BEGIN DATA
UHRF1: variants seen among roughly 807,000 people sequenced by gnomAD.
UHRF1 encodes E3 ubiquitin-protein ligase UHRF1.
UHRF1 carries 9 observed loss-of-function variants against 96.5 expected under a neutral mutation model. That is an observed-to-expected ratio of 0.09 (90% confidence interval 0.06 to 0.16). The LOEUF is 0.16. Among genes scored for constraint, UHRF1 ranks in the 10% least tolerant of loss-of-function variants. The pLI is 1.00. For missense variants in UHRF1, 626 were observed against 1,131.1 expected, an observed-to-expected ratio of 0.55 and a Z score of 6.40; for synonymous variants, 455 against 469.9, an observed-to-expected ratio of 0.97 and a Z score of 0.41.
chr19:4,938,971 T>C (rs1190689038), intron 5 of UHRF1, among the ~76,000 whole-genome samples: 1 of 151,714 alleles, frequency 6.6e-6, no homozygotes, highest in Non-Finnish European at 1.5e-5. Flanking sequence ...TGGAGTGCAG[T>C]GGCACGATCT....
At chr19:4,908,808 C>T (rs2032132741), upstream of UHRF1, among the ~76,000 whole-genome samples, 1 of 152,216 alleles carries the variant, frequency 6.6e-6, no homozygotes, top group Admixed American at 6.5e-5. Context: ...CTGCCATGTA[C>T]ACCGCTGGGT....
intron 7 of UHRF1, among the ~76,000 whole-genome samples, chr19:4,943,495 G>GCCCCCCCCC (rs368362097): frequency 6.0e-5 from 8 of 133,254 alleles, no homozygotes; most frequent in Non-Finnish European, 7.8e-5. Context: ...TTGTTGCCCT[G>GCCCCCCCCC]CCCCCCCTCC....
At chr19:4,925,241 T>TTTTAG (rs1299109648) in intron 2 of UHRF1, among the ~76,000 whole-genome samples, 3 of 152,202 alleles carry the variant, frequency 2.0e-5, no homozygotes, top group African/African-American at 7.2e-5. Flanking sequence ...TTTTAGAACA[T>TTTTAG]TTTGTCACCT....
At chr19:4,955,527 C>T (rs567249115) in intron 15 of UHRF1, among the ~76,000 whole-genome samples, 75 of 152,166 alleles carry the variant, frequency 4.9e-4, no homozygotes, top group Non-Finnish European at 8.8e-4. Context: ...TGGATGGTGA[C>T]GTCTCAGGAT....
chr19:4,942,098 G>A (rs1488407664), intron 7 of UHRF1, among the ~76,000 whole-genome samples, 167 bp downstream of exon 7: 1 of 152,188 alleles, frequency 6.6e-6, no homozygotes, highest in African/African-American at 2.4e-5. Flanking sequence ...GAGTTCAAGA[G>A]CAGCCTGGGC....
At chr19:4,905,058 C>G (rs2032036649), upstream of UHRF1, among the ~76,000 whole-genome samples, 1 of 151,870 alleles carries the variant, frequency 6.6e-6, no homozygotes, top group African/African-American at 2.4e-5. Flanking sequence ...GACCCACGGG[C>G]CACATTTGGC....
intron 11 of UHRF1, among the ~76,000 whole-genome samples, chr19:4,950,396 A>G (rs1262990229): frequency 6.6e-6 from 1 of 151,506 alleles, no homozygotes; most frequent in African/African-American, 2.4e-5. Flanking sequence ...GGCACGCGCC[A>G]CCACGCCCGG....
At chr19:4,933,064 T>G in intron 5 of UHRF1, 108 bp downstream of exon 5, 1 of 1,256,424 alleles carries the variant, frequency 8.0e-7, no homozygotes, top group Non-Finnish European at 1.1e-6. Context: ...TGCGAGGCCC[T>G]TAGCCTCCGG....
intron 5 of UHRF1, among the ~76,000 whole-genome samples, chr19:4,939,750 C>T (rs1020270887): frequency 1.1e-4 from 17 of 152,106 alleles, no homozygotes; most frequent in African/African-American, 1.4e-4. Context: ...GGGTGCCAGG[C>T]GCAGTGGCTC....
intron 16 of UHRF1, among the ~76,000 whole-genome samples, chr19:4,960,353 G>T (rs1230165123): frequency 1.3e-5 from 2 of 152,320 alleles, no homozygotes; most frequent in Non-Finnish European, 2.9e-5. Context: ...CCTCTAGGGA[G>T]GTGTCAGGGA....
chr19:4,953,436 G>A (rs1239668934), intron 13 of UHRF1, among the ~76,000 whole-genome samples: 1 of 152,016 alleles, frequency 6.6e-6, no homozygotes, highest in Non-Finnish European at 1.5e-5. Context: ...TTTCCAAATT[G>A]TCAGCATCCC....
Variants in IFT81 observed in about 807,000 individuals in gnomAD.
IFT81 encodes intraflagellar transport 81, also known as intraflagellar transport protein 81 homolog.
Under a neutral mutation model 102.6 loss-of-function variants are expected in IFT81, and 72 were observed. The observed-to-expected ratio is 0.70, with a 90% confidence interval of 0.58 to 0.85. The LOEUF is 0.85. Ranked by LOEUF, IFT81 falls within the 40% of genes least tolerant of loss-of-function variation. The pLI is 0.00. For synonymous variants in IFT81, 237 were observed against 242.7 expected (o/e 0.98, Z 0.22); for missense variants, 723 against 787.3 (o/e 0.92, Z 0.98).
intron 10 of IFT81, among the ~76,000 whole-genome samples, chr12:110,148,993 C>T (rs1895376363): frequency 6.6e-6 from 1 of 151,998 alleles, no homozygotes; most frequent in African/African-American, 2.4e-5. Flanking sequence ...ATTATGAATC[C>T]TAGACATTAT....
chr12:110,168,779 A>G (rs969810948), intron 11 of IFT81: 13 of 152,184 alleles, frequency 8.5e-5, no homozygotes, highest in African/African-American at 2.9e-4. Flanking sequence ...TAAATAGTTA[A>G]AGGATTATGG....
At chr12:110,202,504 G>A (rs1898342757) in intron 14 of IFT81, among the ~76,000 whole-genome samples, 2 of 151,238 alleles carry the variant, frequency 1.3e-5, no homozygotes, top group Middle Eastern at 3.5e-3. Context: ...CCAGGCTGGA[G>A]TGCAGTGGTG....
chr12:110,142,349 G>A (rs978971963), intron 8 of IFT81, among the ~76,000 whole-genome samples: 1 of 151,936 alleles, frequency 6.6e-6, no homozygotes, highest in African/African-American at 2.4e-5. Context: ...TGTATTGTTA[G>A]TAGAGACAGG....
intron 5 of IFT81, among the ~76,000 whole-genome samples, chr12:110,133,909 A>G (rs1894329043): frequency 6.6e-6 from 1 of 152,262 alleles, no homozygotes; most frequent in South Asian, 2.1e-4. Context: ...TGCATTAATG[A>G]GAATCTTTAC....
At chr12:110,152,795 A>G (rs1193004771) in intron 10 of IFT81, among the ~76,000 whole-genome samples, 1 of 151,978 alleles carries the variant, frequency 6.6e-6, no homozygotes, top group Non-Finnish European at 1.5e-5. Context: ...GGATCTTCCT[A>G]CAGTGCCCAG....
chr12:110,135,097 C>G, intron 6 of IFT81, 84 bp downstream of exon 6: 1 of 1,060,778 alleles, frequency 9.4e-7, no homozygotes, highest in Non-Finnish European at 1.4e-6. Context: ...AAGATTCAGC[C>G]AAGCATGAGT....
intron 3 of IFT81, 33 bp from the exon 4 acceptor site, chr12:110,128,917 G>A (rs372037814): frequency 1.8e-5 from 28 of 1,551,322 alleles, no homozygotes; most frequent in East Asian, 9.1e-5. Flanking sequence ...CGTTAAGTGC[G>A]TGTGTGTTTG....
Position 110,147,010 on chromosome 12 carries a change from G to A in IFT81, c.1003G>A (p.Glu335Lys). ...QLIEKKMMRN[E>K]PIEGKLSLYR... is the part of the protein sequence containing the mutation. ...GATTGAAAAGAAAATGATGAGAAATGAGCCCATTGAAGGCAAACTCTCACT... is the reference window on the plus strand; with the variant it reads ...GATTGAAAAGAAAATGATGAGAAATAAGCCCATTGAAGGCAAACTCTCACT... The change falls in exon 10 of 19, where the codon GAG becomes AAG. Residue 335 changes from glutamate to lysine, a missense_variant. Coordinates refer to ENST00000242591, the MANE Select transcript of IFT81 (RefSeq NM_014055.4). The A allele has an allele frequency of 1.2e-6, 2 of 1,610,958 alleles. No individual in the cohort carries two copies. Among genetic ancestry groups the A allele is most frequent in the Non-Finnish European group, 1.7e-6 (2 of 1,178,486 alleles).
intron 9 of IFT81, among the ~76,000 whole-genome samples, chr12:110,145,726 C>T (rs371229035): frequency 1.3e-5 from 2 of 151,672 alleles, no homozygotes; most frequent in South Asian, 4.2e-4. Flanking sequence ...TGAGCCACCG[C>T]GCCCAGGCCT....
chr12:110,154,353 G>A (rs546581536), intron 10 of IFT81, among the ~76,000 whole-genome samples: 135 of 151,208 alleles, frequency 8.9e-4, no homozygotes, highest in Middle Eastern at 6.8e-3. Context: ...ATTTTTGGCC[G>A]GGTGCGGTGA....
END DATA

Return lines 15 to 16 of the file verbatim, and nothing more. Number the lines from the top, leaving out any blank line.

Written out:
chr19:4,953,436 G>A (rs1239668934), intron 13 of UHRF1, among the ~76,000 whole-genome samples: 1 of 152,016 alleles, frequency 6.6e-6, no homozygotes, highest in Non-Finnish European at 1.5e-5. Context: ...TTTCCAAATT[G>A]TCAGCATCCC....
Variants in IFT81 observed in about 807,000 individuals in gnomAD.